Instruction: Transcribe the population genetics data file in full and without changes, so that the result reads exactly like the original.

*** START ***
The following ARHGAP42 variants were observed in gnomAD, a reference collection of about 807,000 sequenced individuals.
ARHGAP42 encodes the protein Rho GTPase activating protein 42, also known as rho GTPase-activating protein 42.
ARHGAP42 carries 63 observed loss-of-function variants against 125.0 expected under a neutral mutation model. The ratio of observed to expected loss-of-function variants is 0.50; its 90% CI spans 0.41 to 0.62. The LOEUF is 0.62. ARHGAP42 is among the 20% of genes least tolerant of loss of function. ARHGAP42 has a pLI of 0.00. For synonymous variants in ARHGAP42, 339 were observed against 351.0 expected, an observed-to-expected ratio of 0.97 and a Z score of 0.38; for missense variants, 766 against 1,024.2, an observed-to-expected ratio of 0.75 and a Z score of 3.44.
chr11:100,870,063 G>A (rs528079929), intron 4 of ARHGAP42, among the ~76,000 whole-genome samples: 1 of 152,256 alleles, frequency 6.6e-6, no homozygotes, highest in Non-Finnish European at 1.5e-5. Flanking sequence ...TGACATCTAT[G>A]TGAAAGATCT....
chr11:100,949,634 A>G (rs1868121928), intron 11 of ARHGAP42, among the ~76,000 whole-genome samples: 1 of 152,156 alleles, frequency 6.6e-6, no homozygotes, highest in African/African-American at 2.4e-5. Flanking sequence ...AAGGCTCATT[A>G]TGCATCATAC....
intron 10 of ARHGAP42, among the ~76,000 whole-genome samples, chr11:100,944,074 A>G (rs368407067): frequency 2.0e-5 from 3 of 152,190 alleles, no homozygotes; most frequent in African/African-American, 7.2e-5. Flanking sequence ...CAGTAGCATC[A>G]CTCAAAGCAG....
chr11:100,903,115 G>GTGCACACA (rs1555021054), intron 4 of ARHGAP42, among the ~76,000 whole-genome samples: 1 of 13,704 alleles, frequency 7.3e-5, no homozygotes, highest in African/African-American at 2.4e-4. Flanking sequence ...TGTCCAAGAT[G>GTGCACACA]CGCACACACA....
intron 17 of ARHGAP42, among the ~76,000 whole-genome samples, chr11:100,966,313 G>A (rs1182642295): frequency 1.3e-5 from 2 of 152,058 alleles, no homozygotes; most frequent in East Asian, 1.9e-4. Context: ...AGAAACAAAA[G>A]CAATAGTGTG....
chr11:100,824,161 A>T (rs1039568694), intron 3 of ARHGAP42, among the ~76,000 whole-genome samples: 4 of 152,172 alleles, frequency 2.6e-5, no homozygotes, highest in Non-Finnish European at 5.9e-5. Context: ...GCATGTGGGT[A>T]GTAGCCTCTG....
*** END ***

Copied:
The following ARHGAP42 variants were observed in gnomAD, a reference collection of about 807,000 sequenced individuals.
ARHGAP42 encodes the protein Rho GTPase activating protein 42, also known as rho GTPase-activating protein 42.
ARHGAP42 carries 63 observed loss-of-function variants against 125.0 expected under a neutral mutation model. The ratio of observed to expected loss-of-function variants is 0.50; its 90% CI spans 0.41 to 0.62. The LOEUF is 0.62. ARHGAP42 is among the 20% of genes least tolerant of loss of function. ARHGAP42 has a pLI of 0.00. For synonymous variants in ARHGAP42, 339 were observed against 351.0 expected, an observed-to-expected ratio of 0.97 and a Z score of 0.38; for missense variants, 766 against 1,024.2, an observed-to-expected ratio of 0.75 and a Z score of 3.44.
chr11:100,870,063 G>A (rs528079929), intron 4 of ARHGAP42, among the ~76,000 whole-genome samples: 1 of 152,256 alleles, frequency 6.6e-6, no homozygotes, highest in Non-Finnish European at 1.5e-5. Flanking sequence ...TGACATCTAT[G>A]TGAAAGATCT....
chr11:100,949,634 A>G (rs1868121928), intron 11 of ARHGAP42, among the ~76,000 whole-genome samples: 1 of 152,156 alleles, frequency 6.6e-6, no homozygotes, highest in African/African-American at 2.4e-5. Flanking sequence ...AAGGCTCATT[A>G]TGCATCATAC....
intron 10 of ARHGAP42, among the ~76,000 whole-genome samples, chr11:100,944,074 A>G (rs368407067): frequency 2.0e-5 from 3 of 152,190 alleles, no homozygotes; most frequent in African/African-American, 7.2e-5. Flanking sequence ...CAGTAGCATC[A>G]CTCAAAGCAG....
chr11:100,903,115 G>GTGCACACA (rs1555021054), intron 4 of ARHGAP42, among the ~76,000 whole-genome samples: 1 of 13,704 alleles, frequency 7.3e-5, no homozygotes, highest in African/African-American at 2.4e-4. Flanking sequence ...TGTCCAAGAT[G>GTGCACACA]CGCACACACA....
intron 17 of ARHGAP42, among the ~76,000 whole-genome samples, chr11:100,966,313 G>A (rs1182642295): frequency 1.3e-5 from 2 of 152,058 alleles, no homozygotes; most frequent in East Asian, 1.9e-4. Context: ...AGAAACAAAA[G>A]CAATAGTGTG....
chr11:100,824,161 A>T (rs1039568694), intron 3 of ARHGAP42, among the ~76,000 whole-genome samples: 4 of 152,172 alleles, frequency 2.6e-5, no homozygotes, highest in Non-Finnish European at 5.9e-5. Context: ...GCATGTGGGT[A>T]GTAGCCTCTG....